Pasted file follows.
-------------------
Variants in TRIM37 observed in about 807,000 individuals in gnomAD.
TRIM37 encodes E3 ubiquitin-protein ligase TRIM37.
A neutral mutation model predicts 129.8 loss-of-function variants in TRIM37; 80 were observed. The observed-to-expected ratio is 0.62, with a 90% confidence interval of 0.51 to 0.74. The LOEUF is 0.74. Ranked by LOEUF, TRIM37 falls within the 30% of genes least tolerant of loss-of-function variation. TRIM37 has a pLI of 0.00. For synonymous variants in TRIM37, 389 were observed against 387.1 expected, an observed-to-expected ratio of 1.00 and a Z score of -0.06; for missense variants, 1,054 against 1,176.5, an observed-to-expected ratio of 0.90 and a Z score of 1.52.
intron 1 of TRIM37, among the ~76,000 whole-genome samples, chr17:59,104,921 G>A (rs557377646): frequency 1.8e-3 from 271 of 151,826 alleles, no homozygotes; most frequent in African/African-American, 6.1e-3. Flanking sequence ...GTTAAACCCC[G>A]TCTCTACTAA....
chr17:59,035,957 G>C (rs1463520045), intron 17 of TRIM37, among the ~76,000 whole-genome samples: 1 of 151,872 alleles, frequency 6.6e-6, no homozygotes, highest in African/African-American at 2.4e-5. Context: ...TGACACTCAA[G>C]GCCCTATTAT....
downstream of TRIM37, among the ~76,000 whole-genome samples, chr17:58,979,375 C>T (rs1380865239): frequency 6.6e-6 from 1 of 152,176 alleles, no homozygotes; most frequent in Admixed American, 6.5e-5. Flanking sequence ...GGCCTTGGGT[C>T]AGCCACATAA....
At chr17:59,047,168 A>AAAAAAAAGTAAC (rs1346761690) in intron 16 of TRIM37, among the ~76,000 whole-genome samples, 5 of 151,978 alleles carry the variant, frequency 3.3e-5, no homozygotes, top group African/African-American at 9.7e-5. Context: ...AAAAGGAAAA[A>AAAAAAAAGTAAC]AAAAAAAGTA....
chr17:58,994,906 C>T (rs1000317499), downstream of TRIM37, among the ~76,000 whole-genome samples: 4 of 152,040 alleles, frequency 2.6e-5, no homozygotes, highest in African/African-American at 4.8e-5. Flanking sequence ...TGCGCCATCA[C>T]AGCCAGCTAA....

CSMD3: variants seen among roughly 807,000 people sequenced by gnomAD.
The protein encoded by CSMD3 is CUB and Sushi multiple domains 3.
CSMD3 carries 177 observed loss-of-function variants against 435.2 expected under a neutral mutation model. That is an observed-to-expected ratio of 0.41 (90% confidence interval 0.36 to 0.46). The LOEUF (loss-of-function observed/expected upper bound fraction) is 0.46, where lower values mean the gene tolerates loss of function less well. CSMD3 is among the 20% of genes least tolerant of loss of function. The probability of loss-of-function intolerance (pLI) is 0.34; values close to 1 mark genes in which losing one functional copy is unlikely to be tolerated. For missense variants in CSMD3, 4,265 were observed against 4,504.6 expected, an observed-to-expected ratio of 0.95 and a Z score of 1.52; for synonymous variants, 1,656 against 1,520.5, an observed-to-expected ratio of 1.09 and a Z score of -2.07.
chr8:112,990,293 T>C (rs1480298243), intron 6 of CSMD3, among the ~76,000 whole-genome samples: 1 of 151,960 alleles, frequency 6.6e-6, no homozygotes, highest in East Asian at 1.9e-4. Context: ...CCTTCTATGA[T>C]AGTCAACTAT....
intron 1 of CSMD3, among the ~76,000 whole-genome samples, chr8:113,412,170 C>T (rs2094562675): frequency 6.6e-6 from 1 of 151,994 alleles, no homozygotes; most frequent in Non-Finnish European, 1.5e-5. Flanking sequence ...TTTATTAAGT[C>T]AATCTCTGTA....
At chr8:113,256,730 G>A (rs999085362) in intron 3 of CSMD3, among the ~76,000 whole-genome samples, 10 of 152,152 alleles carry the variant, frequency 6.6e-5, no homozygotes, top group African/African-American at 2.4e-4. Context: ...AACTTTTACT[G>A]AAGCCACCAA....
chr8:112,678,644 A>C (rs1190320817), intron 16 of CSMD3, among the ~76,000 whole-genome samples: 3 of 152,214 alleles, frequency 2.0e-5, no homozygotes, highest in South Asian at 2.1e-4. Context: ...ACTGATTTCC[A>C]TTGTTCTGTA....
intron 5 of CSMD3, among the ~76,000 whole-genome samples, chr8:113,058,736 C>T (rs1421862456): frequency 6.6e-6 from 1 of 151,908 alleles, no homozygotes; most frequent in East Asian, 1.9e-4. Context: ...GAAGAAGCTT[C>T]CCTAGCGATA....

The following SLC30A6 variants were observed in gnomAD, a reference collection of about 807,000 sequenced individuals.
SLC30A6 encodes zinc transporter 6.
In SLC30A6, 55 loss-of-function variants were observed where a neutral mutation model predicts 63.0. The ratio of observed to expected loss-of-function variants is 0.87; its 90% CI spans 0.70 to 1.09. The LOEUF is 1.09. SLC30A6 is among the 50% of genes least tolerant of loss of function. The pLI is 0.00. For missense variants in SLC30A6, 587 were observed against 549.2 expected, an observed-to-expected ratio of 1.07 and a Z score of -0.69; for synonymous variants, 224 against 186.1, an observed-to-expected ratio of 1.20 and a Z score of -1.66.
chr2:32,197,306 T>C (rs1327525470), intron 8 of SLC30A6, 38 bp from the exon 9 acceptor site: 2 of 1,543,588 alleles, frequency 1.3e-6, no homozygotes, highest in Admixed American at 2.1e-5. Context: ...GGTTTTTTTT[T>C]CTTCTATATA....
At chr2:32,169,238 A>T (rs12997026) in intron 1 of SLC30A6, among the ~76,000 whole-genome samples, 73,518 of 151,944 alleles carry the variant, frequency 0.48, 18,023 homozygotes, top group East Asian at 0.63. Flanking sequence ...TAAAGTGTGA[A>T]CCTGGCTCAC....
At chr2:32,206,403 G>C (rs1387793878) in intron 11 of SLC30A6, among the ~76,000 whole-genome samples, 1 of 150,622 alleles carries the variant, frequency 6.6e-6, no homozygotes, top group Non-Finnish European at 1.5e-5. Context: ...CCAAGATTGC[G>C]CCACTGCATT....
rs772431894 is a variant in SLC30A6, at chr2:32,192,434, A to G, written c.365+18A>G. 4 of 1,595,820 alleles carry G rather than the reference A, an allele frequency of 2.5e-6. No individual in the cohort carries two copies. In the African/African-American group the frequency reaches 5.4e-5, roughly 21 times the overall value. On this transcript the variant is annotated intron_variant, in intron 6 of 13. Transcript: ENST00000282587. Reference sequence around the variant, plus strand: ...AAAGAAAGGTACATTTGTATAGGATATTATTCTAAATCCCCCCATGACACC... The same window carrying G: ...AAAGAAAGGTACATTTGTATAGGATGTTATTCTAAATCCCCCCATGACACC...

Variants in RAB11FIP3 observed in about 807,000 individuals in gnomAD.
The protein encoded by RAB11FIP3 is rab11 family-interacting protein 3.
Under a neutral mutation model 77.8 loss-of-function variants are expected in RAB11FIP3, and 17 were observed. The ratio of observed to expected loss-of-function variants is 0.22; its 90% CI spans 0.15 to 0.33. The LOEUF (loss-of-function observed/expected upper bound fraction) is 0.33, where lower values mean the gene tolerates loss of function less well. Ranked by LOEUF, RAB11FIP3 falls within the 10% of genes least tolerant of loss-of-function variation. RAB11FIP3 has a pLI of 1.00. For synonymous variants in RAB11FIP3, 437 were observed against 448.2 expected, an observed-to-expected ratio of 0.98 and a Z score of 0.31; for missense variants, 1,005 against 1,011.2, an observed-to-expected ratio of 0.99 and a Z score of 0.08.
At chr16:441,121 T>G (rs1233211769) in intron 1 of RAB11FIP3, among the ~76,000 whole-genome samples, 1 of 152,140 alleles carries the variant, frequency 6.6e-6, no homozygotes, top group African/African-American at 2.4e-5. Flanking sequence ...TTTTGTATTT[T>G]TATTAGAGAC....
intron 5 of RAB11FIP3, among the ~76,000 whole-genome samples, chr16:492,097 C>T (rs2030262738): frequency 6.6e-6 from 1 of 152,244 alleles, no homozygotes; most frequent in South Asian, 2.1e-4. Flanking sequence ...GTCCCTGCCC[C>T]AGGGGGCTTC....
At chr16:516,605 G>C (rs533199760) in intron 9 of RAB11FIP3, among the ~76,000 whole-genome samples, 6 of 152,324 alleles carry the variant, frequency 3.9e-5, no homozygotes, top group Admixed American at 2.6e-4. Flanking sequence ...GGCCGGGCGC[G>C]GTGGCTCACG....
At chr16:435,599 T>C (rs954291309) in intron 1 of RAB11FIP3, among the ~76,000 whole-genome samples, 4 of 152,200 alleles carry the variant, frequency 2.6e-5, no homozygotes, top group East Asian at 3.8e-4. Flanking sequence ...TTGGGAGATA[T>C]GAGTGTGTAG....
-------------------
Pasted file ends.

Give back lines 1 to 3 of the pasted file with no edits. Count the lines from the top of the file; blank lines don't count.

Variants in TRIM37 observed in about 807,000 individuals in gnomAD.
TRIM37 encodes E3 ubiquitin-protein ligase TRIM37.
A neutral mutation model predicts 129.8 loss-of-function variants in TRIM37; 80 were observed. The observed-to-expected ratio is 0.62, with a 90% confidence interval of 0.51 to 0.74. The LOEUF is 0.74. Ranked by LOEUF, TRIM37 falls within the 30% of genes least tolerant of loss-of-function variation. TRIM37 has a pLI of 0.00. For synonymous variants in TRIM37, 389 were observed against 387.1 expected, an observed-to-expected ratio of 1.00 and a Z score of -0.06; for missense variants, 1,054 against 1,176.5, an observed-to-expected ratio of 0.90 and a Z score of 1.52.